Another common thread I see in this series. I find myself redefining things. Whether that’s redefining “need” versus “want,” redefining how I spend my time, redefining what’s important to me, or even redefining ideas like friendship, valuable inputs, and what my priorities are.
In my Thriving in the Holidays mini series I wrote about gift giving with your children. And for me when I went to write down a need for Cashel, I really had to think. I had to question what is actually a need, and what is a want. I want to model for my children knowing the difference. A need is not just something that we like “another one” of. In fact even as I re-read this paragraph before publishing this entry I find myself questioning if the “need” of a garbage can to use as a diaper pail is really a “need.” We have one in the “nursery” but don’t have one in Cashel’s room. We are constantly running dirty cloth diapers into the nursery and I do think there is a level of “need” here. But upon reading “Money Secrets of the Amish: Finding True Abundance in Simplicity, Sharing, and Saving” By Lorilee Craker I’ve begun to ask myself if we can “use it up,” “wear it out,” “make do,” or “do without.” Already I see my thinking changing!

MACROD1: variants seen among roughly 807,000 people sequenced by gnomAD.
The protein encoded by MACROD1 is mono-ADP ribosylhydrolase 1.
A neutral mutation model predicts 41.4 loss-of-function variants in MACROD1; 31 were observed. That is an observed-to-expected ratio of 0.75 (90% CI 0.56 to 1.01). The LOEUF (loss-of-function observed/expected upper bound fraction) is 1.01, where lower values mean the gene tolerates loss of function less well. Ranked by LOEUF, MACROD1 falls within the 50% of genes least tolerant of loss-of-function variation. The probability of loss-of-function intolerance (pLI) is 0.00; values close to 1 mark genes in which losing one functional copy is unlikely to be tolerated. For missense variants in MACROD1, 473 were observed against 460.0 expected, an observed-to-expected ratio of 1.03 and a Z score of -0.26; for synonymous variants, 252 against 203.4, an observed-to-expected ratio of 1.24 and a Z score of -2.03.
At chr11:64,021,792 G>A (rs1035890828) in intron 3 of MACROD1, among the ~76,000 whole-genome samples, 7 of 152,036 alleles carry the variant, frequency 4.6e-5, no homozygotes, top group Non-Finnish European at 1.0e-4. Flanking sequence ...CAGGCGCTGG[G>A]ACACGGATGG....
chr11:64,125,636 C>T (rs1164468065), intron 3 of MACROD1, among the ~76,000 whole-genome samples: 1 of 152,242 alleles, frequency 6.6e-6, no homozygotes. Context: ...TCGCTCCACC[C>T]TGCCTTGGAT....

Here is an example of me redefining “need” in my own mind. I am not very good about drinking water. And of course when you’re pregnant that is especially important. I have found if I use one of those Starbucks cold cups I’m better at it. So in my mind I need another Starbucks cold cup. But truly I have two, three, or maybe even four somewhere in my home our vehicle at all times. That is definitely not a need.
I see a “steal of a deal” and the item can quickly become “a need.”
Or just because I watch the latest show and saw a new trend in scarves or chunky jewelry or boots does not mean I need a new one. I have plenty.
I do not need to run to the grocery store for ingredients, when I have a pantry full of things I could cook.
This is another principle explored further in “Money Secrets of the Amish: Finding True Abundance in Simplicity, Sharing, and Saving” By Lorilee Craker. One of my favorite sections in the book is about “despoiling your children” and she talks a great deal about redefining needs and wants. About modeling for our children principles we wish to impart, especially when they are surrounded by an individualistic society like ours.
Is there something in your life that needs redefining? What might it be?